Completing structures and roads is a valuable move to make beyond the points, as you only have so many meeples to place on the board at any time. Having one or two meeple on standby in case you draw a Monastery can give you the winning edge. But that’s not the only reason to hold ‘tactical meeple’. (I’d like you to note real quick that you are reading an article that is genuinely wanting you to absorb the term ‘tactical meeple’). You see, points for a feature are not granted to the player who started it, but are given to whomever has the most meeple in it when it is finished. Now I should note that, when you add to a road or city that has a meeple, you can not place another meeple within that feature, as it is already guarded (even if it is guarded by you!). HOWEVER, you can always start a ‘new’ road or city nearby, place a meeple on it, and then build your way over to connect to another player’s feature. This is a fantastic strategy to pull off, because if the feature completes with you and another player tieing for meeple in it, you BOTH get the points for it. And if you manage to muscle your opponents out with extra meeple? DAYLIGHT ROBBERY MY FRIEND. So keep those tactical meeple at the ready.
Another strategy to learn is to leverage your opponent’s desires against them. People like to build their roads. They like to build their cities. And sure enough, they want to surround their monasteries. One of my favourite things to do is to simply tie for meeple on roads and cities, as my opponents will still want to finish them. Why steal their points when you can use THEIR TURNS to earn them? Monasteries are best placed next to unfinished features (even other unfinished monasteries), forcing players to build around them. It’s plays like these that reveal Carcassonne’s true depth. Depth that one could not initially glean from the very simple turn structure. And the game only gets deeper once you begin using it’s expansion packs.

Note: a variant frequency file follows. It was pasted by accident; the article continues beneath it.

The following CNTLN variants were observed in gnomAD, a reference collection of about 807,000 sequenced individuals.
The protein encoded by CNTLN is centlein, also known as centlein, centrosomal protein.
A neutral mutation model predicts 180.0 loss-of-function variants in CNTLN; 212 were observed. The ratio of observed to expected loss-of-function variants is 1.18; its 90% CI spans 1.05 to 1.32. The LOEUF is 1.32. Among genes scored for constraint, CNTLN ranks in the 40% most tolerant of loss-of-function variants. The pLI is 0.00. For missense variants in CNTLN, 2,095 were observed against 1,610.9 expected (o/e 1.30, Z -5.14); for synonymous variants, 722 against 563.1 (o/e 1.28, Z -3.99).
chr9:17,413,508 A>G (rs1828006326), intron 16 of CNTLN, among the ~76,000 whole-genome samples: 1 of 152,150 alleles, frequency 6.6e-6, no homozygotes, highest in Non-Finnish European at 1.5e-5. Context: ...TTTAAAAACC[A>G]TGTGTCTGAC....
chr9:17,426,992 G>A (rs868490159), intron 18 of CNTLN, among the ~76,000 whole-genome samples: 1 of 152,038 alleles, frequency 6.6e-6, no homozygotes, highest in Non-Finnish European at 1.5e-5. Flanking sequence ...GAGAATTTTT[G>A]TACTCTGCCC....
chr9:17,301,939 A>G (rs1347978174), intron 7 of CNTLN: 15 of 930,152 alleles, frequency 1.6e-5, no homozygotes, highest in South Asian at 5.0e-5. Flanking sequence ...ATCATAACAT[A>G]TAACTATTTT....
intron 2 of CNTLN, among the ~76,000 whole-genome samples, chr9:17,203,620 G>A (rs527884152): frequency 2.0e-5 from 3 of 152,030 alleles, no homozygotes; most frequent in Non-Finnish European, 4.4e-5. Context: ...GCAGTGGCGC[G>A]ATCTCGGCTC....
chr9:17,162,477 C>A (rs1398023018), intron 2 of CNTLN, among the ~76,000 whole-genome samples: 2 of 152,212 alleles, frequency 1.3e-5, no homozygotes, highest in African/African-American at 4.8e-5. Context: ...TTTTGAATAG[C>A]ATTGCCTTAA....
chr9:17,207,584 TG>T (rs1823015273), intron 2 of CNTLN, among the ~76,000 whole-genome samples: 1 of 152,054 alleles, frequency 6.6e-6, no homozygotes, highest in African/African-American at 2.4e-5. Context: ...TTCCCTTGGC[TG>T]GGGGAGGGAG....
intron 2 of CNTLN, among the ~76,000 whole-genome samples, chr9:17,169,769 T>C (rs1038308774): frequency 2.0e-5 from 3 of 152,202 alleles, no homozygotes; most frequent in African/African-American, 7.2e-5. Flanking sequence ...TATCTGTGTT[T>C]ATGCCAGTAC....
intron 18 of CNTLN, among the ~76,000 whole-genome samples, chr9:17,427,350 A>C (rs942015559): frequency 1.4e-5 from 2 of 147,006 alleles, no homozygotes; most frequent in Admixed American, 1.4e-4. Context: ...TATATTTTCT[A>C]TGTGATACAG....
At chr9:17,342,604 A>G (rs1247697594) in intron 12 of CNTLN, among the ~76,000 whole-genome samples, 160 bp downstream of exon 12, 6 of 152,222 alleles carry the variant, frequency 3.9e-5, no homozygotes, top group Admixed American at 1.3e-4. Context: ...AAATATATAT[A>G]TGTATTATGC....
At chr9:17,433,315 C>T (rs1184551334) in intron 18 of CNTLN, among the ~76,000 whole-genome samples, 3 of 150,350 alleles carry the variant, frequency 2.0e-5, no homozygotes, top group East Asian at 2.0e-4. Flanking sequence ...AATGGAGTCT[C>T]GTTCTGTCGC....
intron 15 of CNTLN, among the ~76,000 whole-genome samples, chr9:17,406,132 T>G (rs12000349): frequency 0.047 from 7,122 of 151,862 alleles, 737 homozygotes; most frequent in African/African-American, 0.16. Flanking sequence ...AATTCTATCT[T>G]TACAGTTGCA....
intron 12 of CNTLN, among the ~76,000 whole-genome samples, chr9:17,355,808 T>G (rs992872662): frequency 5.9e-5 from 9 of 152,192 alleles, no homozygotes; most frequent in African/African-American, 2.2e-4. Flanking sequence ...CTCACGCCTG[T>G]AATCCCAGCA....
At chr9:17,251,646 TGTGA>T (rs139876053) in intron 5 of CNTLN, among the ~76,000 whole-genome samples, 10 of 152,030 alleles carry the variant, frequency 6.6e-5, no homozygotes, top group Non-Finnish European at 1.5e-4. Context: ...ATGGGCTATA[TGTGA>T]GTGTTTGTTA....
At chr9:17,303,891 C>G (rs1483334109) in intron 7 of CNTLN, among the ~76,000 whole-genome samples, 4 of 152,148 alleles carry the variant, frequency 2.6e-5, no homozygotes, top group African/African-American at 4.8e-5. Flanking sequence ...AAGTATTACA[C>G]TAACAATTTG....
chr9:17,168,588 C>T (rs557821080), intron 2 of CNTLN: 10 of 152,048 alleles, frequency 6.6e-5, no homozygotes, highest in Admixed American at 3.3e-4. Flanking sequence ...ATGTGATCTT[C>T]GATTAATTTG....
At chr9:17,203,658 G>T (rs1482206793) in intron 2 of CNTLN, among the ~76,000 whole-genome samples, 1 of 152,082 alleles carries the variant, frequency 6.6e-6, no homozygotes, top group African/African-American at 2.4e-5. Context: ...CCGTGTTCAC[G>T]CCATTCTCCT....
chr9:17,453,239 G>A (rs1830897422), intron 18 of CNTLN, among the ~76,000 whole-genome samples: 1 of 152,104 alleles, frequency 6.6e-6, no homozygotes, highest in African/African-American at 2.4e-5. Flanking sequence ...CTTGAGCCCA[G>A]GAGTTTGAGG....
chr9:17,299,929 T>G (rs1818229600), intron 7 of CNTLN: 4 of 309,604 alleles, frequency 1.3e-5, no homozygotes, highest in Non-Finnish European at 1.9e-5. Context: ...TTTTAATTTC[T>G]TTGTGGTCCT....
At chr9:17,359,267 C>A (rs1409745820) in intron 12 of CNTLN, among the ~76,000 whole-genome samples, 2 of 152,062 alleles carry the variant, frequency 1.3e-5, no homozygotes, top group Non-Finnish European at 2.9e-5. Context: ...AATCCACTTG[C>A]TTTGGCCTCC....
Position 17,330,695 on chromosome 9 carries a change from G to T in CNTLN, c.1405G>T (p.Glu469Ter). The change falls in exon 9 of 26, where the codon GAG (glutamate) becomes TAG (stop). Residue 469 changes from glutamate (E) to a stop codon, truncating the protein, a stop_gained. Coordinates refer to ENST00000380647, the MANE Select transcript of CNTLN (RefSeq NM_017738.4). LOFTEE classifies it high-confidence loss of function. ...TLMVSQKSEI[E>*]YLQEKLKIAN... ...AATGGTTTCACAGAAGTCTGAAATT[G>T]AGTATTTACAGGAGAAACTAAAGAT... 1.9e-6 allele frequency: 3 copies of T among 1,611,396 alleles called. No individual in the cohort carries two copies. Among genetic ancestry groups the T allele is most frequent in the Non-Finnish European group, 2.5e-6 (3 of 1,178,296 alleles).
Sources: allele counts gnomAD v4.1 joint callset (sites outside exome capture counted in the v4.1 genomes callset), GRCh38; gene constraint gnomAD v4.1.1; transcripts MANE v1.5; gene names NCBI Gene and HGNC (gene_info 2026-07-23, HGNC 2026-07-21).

My copy of Carcassonne (and ones you will find on the shelves at Hobbymaster... *wink*) carry not only the base game, but also two of its expansions; The River, and the Abbot. Playing a game with the river expansion replaces the starting tile with a new set of tiles. These tiles feature parts of a river, that starts at a source and ends at a lake. Players will start with the source tile on the board and draw from the face-down pile of river cards, adding to the river and even placing meeple on riverside cities, roads and a monastery. Once the river is complete, play continues with the regular ol’ land-locked tiles. The river adds a more varied early-game board state, making each game vastly more different than the already high-variance base game.
The Abbot, when applied to the game, replaces one of each player’s meeple with a unique priestly token that can only occupy monasteries or the flower gardens present in certain tiles. Abbots treat garden tiles as a monastery, and can be removed before completing them for early points. This makes them the grizzled squad commander among tactical meeple. Finally, the box comes with the farmer rule, which is honestly only for people who can do the whole rain man floating algebra thing. You place a meeple side-on in an open field, and only scores points if the field becomes fully enclosed by cities. To date, I have been too intimidated by this rule to get my head around it.
Whether or not you choose to use the extra pieces and rules, I highly recommend Carcassonne. The simplicity of the turn structure makes it one of the most approachable games around, and its depth keeps players invested, while attracting a more experienced crowd. If you need a game for your collection to play with family, friends ranging over different experience levels, or just want to escape the monotony of monopoly *shudder*, then I ask you to consider Carcassonne as your next purchase. At the time of writing this, there are several expansions to grab as well, with Hobbymaster stocking the base game, the Inns and Traders expansions as well as the Winter, Goldrush, South Seas and Hunters variants.
I’ll leave it there guys. I hope you have as much fun playing Carcassonne as I’ve had writing about it. As for me, there’s a little something I gotta take care of…
The dungeon doors swing open, revealing a hastily put together construction site. Doug barks orders at laborers as they work ravenously to fill in gaps between walls of two merging cities. Not far away, a plump man stands atop the ramparts of the far walls. He does not look happy.
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I'm an avid lover of all things table top. I also have a growing collection of board games which inspire me to create my own. I put my loud and expressive personality to good use as a dungeon master for my friends, having run many campaigns through 4th and 5th edition D&D.